Todd and Angee Nott never train together.
Todd, 57, is an ultramarathoner and spends his training runs focusing on distance. He rarely runs less than six miles when prepping for a race.
Angee, 45, spends her training time working on speed. She focuses on sprint work and rarely runs more than three miles in training.
The Plattsmouth couple’s hard work paid off last month.
Todd tackled the Badwater 135, a 135-mile race through Death Valley in California.
Days after his finish, Angee set a masters world record in the women’s 400-meter dash.
“We don’t care about age division,” Todd Nott said. “We’re just racing whoever’s there because we love what we do. Some adults love being in coed volleyball or softball. She just loves track, and I love doing ultras and trail racing. We’re just having fun.”
The Notts have been married just over six years. Todd teaches at Plattsmouth High School and coaches the cross country and track teams as well as the middle school basketball team. Angee teaches English at Boys Town and coaches the volleyball, basketball and track teams.
Todd started distance running in high school. He kept it going in college and afterward by tackling 5Ks, 10Ks and triathlons.
Now he runs daily, sometimes squeezing in cross-training such as biking or swimming.
“It’s always been part of my lifestyle,” he said.
Angee started running in elementary school. She went on to become a collegiate track and field athlete at the University of Nebraska-Lincoln. She was a three-time conference champion and a 10-time All-American at Nebraska. She also was the NCAA women’s long jump champion at the 1996 indoor and outdoor meets.
Now Angee said she dabbles in masters competitions whenever she can.
She starts her workouts as early as 4:30 a.m. Then she goes to work teaching and coaching and can leave her evenings open for family.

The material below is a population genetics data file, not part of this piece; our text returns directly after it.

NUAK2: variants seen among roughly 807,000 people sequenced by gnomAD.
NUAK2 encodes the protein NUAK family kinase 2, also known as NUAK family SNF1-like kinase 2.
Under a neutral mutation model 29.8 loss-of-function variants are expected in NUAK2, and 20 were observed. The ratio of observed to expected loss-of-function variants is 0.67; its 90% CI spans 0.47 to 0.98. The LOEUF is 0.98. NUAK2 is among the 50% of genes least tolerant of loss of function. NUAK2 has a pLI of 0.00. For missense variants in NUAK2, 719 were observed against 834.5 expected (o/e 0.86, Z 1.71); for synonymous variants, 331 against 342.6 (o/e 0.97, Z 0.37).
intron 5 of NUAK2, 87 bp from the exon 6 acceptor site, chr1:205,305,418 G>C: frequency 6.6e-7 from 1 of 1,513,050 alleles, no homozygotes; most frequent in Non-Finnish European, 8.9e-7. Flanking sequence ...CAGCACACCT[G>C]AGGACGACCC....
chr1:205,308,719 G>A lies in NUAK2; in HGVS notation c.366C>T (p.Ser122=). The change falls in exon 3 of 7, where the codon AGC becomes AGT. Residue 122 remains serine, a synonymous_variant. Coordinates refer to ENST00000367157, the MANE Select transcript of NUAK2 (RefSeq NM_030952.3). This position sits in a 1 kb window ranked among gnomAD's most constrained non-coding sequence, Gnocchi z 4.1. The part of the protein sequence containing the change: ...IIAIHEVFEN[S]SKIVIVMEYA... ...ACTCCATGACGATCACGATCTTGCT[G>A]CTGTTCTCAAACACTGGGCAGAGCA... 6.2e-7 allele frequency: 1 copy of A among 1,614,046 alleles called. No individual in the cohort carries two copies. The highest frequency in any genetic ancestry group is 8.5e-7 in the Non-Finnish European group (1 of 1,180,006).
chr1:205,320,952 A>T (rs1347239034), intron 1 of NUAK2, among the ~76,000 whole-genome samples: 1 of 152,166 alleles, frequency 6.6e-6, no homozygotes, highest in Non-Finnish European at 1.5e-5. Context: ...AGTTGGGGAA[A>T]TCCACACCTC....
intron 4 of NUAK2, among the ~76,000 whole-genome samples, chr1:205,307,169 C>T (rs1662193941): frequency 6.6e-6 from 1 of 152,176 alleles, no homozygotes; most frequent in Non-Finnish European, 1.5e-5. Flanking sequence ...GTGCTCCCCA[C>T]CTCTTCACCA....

“I don’t want anyone to steal my workout,” she said.
She runs at least two miles a day, on the track or on the treadmill.
Todd was slated to run Badwater in 2020. He qualified after running Western States 100 and Angeles Crest 100. But Badwater was canceled two weeks before race day because of the coronavirus pandemic.
To put his training hours to use, Todd found a 100-mile race in Colorado. He also drove the Badwater course, which starts at Badwater Basin in Death Valley and finishes at Whitney Portal.
Todd said he gets in much of his training through races.
“It’s much more fun for me to go to a race and race myself into shape than go out and train,” he said.
He often sported extra layers on summer runs in an attempt to simulate the heat at Badwater. He spent hours sitting in saunas in the weeks leading up to the race. He also trained in Colorado to get used to the altitude.
Todd said his team of four pacers kept him hydrated and cool during the race, which started on July 19. They stuffed ice under his hat and into a scarf he wrapped around his neck.
They coated him with sunscreen and occasionally sprayed him down with water.
“I’m not saying it wasn’t an oven out there, but I never felt like I was going to collapse because of the heat,” Todd said.
Running it all on pavement proved to be one of the biggest challenges. Todd’s ankles became swollen around mile 100, forcing him to power walk at times.
He finished the race in 14th place at about 33 hours. His goal was to finish in under 30 hours.
Todd said he thinks he’ll attempt Badwater again in a year or two.
“It’s almost a bigger commitment than other ultras,” he said. “You have to do extra heat training. But I feel I have some unfinished business.”
He plans to apply for Western States again next summer. This fall, Todd said, he’ll run a few races, but for the most part he will focus on running with the cross country team.
On July 23 — days after Todd finished Badwater — Angee went with another Boys Town coach to compete in the Masters Outdoor Championships in Ames, Iowa. She finished the 400-meter dash in 56.14.
Angee set a record for the women’s 45-49 age group, according to USA Track and Field. She just edged out the previous record holder, Marie Lande Matthieu of Puerto Rico, who had a time of 56.15 in 2003.
As she lay on the track post dash, Angee said she didn’t realize she had broken a record. The coach she traveled with said they weren’t leaving until Angee filled out the paperwork to make the record official.
Now she has turned her sights on next year. She plans to train for both the 400- and 800-meter dashes.
Angee said she and Todd try to set examples for the kids they coach.
“We always want to be a model for them,” she said. “Not just telling them, but showing them what they can do now and later on in life.”
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